Auckland Town Hall
Review: Graham Reid
Jazz across the spectrum has had a fair showing these past weeks. It started with New York's Lincoln Center Jazz Orchestra, then Nathan Haines at the hip-hop end and last night, before a packed Town Hall, the Chris Barber and Kenny Ball bands essaying ragtime, blues and Dixieland styles.
On their first, long overdue, tour here, trombonist Barber and band were the more impressive. Their catholic choice of material and instrumentation - clarinets, banjo, electric guitar, saxophones and a superb rhythm - allowed for greater diversity and texture.
On their version of Sonny Terry and Brownie McGee's Cornbread blues, John Crocker and John Defferary set up a tough, almost "Texas-tenor" sound, yet Crocker's supple clarinet playing elsewhere (Mood Indigo) and the duet between drummer Colin Miller and bassist Vic Pitt on Big Noise from Winnetka made for a seamless and diverse show.
With informative, witty introductions by Barber - who with shameless humour plugged their album on sale in the foyer - and a set that included exciting treatments of such warhorses as St Louis Blues, South Rampart Street Parade and, yes, Down By The Riverside, the Barber band was a real treat.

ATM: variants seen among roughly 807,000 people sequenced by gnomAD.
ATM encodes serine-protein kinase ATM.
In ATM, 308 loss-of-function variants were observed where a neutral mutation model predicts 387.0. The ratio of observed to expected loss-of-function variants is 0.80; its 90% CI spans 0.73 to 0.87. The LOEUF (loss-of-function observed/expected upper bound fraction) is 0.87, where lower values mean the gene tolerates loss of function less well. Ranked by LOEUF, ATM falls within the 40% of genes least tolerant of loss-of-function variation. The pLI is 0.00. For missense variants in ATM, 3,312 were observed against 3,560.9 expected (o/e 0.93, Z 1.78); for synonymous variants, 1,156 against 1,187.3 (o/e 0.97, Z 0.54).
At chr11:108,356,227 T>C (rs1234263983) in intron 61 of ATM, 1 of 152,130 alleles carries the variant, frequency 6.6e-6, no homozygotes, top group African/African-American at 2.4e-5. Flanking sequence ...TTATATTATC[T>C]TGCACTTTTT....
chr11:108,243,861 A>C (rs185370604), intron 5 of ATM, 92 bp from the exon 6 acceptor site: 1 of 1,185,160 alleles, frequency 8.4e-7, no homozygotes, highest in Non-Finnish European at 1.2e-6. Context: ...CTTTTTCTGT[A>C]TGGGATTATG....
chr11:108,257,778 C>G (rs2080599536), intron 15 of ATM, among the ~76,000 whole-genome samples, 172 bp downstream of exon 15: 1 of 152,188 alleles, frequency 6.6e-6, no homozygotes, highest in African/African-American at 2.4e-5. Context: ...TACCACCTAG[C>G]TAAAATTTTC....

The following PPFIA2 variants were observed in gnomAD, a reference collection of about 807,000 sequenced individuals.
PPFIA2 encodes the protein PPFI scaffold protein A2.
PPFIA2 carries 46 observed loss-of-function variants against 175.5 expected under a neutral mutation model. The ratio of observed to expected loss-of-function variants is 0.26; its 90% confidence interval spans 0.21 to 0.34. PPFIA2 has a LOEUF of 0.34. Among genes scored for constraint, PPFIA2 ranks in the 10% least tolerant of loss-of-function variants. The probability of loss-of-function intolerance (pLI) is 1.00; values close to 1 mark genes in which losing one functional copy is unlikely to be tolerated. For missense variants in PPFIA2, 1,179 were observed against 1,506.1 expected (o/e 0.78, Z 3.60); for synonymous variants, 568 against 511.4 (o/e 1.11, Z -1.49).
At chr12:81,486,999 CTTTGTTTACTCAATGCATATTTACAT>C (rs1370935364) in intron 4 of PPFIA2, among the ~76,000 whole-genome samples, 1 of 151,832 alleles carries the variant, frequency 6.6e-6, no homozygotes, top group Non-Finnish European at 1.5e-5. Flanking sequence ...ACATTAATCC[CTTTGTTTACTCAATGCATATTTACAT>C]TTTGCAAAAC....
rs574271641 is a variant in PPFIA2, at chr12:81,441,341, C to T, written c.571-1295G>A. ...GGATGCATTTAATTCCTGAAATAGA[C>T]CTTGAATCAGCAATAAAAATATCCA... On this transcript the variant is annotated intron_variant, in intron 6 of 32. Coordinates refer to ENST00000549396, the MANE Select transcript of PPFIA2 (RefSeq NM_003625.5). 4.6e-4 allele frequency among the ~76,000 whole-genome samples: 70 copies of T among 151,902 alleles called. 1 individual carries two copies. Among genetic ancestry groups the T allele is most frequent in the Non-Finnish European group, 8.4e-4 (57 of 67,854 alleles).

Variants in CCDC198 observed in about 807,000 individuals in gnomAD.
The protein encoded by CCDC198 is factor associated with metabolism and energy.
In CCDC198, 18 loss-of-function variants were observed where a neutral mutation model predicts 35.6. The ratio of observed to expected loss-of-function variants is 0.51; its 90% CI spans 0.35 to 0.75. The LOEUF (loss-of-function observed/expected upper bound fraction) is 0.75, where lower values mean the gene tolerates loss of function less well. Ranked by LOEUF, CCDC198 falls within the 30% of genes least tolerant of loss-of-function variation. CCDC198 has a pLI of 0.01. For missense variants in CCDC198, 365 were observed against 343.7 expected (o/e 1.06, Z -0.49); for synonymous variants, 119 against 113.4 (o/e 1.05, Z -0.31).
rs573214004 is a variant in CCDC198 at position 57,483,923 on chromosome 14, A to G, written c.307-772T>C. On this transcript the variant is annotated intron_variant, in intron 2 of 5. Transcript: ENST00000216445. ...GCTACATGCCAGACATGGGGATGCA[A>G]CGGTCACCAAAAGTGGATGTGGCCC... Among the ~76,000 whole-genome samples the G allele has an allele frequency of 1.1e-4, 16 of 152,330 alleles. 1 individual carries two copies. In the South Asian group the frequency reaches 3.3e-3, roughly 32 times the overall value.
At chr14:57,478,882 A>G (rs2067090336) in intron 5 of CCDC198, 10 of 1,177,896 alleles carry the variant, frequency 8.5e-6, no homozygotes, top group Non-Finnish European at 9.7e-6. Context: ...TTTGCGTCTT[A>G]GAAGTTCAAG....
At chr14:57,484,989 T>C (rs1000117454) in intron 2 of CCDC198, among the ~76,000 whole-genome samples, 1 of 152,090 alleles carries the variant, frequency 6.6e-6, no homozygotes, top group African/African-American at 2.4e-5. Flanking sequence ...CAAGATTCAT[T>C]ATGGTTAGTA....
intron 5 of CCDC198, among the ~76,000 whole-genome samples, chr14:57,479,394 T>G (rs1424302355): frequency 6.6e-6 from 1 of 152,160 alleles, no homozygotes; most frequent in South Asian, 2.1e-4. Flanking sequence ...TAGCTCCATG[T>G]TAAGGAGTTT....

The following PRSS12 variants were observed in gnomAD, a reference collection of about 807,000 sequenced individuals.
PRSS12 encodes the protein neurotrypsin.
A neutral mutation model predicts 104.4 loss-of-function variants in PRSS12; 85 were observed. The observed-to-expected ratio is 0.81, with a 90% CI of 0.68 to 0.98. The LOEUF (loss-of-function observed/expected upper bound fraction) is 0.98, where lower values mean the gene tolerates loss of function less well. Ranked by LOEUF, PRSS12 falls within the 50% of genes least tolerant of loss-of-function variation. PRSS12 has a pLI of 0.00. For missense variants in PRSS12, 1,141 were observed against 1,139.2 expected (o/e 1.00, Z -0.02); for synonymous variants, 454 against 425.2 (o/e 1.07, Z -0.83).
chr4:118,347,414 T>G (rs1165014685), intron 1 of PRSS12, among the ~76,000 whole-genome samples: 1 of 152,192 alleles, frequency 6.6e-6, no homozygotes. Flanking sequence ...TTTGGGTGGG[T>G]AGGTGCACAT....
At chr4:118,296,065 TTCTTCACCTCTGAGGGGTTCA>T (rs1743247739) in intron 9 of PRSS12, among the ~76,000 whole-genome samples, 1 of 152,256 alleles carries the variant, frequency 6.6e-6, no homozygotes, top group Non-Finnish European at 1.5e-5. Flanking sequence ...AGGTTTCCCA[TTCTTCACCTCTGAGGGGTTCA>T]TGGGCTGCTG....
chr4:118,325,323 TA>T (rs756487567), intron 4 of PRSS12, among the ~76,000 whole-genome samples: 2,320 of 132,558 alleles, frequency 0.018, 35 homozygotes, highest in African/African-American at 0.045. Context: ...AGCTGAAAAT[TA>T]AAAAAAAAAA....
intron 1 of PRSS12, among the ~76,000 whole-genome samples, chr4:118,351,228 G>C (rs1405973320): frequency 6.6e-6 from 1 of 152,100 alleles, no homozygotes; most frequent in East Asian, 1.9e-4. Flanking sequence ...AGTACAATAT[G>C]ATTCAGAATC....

The Ball band, however, sounded brash by comparison and the leader's rambling introductions (well, he enjoyed himself) detracted from the otherwise excellent playing.
Between fine ensemble work, drummer Nick Millward delivered one of those physically demanding, technically admirable but ultimately pointless solos on You're Nicked.
Clarinettist Andy Cooper redeemed his sometimes hammy stage manner (there was a lot of hamming) in a superb version of Old Man Moses - full of breathy vocalisation through his instrument.
The Ball band certainly played their popular hits (Midnight in Moscow, Them There Eyes) but after the Barber group's more measured and meaty performance they were bound to suffer.
Auckland Town Hall